It also makes the Cardinals, always a good defensive team, potentially a very good one. Harrell and Mangok Mathiang will be a rather imposing pair to handle for any team looking to score inside.
But they aren’t the only weapons for Rick Pitino.
The coach counts heavily on his guards, especially on defense. He works his players like track athletes, allowing them to swarm, annoy and pester opponents like full-court gnats.
Point guard Chris Jones didn’t prove as adept defensively last season at that, but you can bet Pitino will make sure Jones improves in that department. With Russ Smith gone, Jones will get the full laser focus of the coach’s attention.
His backcourt mate, Terry Rozier, proved last season to be an adept defender already.
Even after losing so much experience, the Cards could be even better than the squad that gave up just 61.1 points last season and ranked fourth in defensive efficiency.
Teams that might struggle
Florida -- Last season, the Gators were downright stingy, allowing 57.8 points per game, third-fewest in the country.
But that was one of the most veteran teams in the country. Now coach Billy Donovan essentially goes for a wholesale swap and will field one of the least-experienced teams in the nation.
Young players and defense don’t generally go hand in hand.
This group -- Kasey Hill, Chris Walker, Dorian Finney-Smith, Michael Frazier and transfer Alex Murphy -- reads at least on paper as an offense-first unit, which is fine. But to avoid the pratfalls of Donovan’s other go-around with youth (post-championship run), he will need to coerce at least average D out of the Gators.
Kentucky -- It will take some digging to find a real weakness on this loaded Wildcats team, but since the sky is the limit and the expectations are somehow even higher, it’s fair to look for a potential stumbling block.
And for Kentucky, it will be defense, specifically perimeter defense.
The Wildcats were vulnerable there last season, allowing opponents to connect on 32 percent of attempts beyond the arc. The Harrison twins struggled to stretch themselves, so coach John Calipari will need big improvement from them this season.
Kentucky has enough frontcourt players to field a B team of rim protectors, but how the Cats’ backcourt defends will go a long way toward determining just how successful this team will be.
This is not a legacy measure.
For all of the different ways our 45 ESPN Forecast college hoops panelists might have weighed their scores of the nation's top 50 -- and there are all sorts of ways individual emphases can come into play -- this was the defining criterion. These rankings were never meant to be about the aggregate work of a coach's lifetime. They are meant to cover current performance. It's a broadly limited term.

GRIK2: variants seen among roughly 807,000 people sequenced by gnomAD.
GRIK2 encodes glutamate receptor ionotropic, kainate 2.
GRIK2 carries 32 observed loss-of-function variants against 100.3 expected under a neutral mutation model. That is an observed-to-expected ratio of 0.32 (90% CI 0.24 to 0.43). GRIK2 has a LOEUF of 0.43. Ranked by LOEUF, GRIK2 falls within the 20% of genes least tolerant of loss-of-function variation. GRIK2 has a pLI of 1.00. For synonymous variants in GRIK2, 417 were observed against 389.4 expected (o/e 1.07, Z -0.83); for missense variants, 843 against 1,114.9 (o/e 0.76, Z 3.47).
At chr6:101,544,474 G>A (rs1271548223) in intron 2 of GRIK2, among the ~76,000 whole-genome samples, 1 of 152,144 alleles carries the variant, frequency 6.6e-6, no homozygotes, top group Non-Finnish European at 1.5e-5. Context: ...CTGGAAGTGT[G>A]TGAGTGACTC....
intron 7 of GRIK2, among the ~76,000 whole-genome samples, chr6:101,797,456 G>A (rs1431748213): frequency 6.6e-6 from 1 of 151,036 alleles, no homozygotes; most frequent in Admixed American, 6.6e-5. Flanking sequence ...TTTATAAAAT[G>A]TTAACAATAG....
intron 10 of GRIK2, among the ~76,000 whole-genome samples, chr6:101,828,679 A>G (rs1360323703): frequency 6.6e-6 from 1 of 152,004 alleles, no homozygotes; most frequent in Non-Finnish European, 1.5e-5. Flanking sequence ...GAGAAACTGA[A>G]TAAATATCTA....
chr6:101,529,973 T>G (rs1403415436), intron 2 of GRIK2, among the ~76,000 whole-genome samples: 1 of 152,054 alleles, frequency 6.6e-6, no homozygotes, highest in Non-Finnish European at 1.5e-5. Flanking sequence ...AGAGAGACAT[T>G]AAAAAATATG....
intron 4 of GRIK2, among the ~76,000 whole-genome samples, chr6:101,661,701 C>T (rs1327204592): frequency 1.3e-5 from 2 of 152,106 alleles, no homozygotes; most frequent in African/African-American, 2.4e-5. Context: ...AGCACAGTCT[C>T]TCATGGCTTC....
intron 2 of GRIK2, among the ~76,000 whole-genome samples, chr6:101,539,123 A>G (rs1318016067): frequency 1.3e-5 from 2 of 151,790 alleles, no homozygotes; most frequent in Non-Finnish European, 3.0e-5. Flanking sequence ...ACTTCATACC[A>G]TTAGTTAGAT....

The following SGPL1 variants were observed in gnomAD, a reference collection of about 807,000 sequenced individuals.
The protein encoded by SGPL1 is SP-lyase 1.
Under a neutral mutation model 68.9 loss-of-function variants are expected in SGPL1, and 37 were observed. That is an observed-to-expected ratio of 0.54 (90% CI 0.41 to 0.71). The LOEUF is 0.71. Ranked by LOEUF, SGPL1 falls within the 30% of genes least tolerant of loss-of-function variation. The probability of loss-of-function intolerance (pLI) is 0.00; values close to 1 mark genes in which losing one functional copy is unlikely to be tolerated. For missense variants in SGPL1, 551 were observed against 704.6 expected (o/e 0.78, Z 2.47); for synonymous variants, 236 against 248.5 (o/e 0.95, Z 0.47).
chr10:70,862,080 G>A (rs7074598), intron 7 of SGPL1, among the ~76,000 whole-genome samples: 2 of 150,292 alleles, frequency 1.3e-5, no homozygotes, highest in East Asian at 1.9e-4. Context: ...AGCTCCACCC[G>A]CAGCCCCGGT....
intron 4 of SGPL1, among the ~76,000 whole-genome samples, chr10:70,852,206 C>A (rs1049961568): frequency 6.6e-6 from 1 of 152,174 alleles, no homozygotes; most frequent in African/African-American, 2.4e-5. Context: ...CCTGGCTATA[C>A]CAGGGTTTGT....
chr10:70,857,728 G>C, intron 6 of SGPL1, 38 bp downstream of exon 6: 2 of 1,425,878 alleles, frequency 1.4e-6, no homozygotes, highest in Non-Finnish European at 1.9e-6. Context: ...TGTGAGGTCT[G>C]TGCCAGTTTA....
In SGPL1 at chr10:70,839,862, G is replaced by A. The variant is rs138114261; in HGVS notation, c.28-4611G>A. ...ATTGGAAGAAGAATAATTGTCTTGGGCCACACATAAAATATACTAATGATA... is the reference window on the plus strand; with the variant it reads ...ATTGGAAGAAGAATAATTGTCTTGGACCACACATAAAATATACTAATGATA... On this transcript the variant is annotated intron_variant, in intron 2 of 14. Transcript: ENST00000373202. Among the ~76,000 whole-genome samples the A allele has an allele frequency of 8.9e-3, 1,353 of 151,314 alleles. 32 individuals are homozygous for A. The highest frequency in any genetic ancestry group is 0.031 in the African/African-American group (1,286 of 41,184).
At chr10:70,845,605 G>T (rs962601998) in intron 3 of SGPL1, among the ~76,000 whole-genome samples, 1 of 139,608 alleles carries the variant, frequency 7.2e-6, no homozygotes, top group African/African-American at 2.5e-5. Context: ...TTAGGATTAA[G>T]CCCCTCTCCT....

We've repeated that reminder as much as possible these last few weeks. Really, we can't stress it enough. And it's as important as ever now, as the countdown bears in on the top 10, and the names we so closely associate with tenure and legacy are revealed through this intentionally short-sighted prism.
Having said that: Is Jim Boeheim at No. 12 too low?
Given the lofty company, the panel is probably right. And No. 12 is hardly an insult.
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It begins again each year. Ed McLaughlin anticipates the frenzy that will commence once Virginia Commonwealth’s season ends.
Powerful programs will contact Shaka Smart -- the courtesy calls between athletic directors is a practice of the past -- and attempt to lure the 37-year-old coach to a school with more money in the bank and more eyeballs locked onto their teams via lucrative TV deals.
“[Smart] really feels like he can win here,” McLaughlin said. “I know we've invested a lot. … I'm with him every day. That relationship is so important.”
The postseason pursuit of rising stars and proven veterans on the collegiate coaching circuit is often viewed as a one-sided effort. Some major-conference college or NBA franchise promises a multimillion-dollar contract and an opportunity to work with the best players in the country. The employers who await their decisions often seem slighted within the conversation and powerless in the process. But many have channeled their inner Joni Mitchell and reminded tempted coaches about the things they'd leave behind.
Jamie Pollard, athletics director at Iowa State, doesn't want to lose Fred Hoiberg. Pollard also knows, however, that Hoiberg won’t find an NBA city that will show him the love that Ames, his hometown, does all year. And what pro team will match his 10-year contract? Eric Sexton understands that Gregg Marshall will be courted. That's why Wichita State's AD puts Marshall's team on charters to games and continues to increase his pay (Marshall makes $1.75 million). Everything about Marshall's gig is high-major.
A few months ago, Tennessee reportedly chased Louisiana Tech's Michael White. But the school's commitment to White and the program -- the university recently converted an old gym into a practice facility -- made it hard to leave for Knoxville, especially after a 29-win season suggested that the Bulldogs could snatch their first NCAA tourney bid since 1991 nine months from now.
“The reality is that the money is at such a different level [for some high-major jobs] that at some point, you can't compete,” said Tommy McClelland, Louisiana Tech's athletics director. “But we want him to be here. He's wanted. He's truly wanted here. There's something to be said about being wanted.”